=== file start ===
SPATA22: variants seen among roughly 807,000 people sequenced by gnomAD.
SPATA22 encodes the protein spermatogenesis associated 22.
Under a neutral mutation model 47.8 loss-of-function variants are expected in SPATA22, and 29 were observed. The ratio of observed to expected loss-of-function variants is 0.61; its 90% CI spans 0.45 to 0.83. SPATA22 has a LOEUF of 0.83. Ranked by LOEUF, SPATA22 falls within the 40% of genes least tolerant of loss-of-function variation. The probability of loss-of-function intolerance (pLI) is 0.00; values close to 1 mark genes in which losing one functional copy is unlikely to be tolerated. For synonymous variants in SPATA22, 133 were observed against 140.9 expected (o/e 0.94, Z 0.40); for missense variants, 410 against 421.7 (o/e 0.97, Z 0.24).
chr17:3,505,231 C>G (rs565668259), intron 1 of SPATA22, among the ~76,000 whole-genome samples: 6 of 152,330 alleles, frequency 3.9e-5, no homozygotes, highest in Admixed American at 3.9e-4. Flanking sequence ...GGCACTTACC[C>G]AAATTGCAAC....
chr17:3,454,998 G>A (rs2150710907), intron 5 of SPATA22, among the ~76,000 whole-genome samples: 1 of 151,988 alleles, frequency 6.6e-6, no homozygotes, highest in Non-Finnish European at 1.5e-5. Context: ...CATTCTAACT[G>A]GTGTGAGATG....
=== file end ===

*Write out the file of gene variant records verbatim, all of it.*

SPATA22: variants seen among roughly 807,000 people sequenced by gnomAD.
SPATA22 encodes the protein spermatogenesis associated 22.
Under a neutral mutation model 47.8 loss-of-function variants are expected in SPATA22, and 29 were observed. The ratio of observed to expected loss-of-function variants is 0.61; its 90% CI spans 0.45 to 0.83. SPATA22 has a LOEUF of 0.83. Ranked by LOEUF, SPATA22 falls within the 40% of genes least tolerant of loss-of-function variation. The probability of loss-of-function intolerance (pLI) is 0.00; values close to 1 mark genes in which losing one functional copy is unlikely to be tolerated. For synonymous variants in SPATA22, 133 were observed against 140.9 expected (o/e 0.94, Z 0.40); for missense variants, 410 against 421.7 (o/e 0.97, Z 0.24).
chr17:3,505,231 C>G (rs565668259), intron 1 of SPATA22, among the ~76,000 whole-genome samples: 6 of 152,330 alleles, frequency 3.9e-5, no homozygotes, highest in Admixed American at 3.9e-4. Flanking sequence ...GGCACTTACC[C>G]AAATTGCAAC....
chr17:3,454,998 G>A (rs2150710907), intron 5 of SPATA22, among the ~76,000 whole-genome samples: 1 of 151,988 alleles, frequency 6.6e-6, no homozygotes, highest in Non-Finnish European at 1.5e-5. Context: ...CATTCTAACT[G>A]GTGTGAGATG....